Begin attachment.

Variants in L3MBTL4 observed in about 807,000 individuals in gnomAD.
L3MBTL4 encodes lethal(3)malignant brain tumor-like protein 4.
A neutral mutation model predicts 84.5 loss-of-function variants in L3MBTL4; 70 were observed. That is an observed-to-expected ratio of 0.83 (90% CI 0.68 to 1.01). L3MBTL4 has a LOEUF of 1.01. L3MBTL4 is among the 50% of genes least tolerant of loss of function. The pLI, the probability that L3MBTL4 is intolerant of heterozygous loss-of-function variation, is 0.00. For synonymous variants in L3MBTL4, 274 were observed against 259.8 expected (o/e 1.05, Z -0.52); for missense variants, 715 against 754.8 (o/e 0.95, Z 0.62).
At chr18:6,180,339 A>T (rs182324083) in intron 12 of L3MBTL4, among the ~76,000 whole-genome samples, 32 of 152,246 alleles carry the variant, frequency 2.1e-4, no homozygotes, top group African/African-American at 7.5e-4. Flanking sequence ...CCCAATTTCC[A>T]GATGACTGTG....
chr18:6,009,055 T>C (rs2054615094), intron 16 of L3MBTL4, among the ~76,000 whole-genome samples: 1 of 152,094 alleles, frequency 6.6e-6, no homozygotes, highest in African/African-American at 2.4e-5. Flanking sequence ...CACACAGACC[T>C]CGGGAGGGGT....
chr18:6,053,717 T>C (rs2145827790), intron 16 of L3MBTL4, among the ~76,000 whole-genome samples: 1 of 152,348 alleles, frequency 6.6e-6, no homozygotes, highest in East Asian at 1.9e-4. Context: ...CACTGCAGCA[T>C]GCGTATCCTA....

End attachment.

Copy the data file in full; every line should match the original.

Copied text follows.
Variants in L3MBTL4 observed in about 807,000 individuals in gnomAD.
L3MBTL4 encodes lethal(3)malignant brain tumor-like protein 4.
A neutral mutation model predicts 84.5 loss-of-function variants in L3MBTL4; 70 were observed. That is an observed-to-expected ratio of 0.83 (90% CI 0.68 to 1.01). L3MBTL4 has a LOEUF of 1.01. L3MBTL4 is among the 50% of genes least tolerant of loss of function. The pLI, the probability that L3MBTL4 is intolerant of heterozygous loss-of-function variation, is 0.00. For synonymous variants in L3MBTL4, 274 were observed against 259.8 expected (o/e 1.05, Z -0.52); for missense variants, 715 against 754.8 (o/e 0.95, Z 0.62).
At chr18:6,180,339 A>T (rs182324083) in intron 12 of L3MBTL4, among the ~76,000 whole-genome samples, 32 of 152,246 alleles carry the variant, frequency 2.1e-4, no homozygotes, top group African/African-American at 7.5e-4. Flanking sequence ...CCCAATTTCC[A>T]GATGACTGTG....
chr18:6,009,055 T>C (rs2054615094), intron 16 of L3MBTL4, among the ~76,000 whole-genome samples: 1 of 152,094 alleles, frequency 6.6e-6, no homozygotes, highest in African/African-American at 2.4e-5. Flanking sequence ...CACACAGACC[T>C]CGGGAGGGGT....
chr18:6,053,717 T>C (rs2145827790), intron 16 of L3MBTL4, among the ~76,000 whole-genome samples: 1 of 152,348 alleles, frequency 6.6e-6, no homozygotes, highest in East Asian at 1.9e-4. Context: ...CACTGCAGCA[T>C]GCGTATCCTA....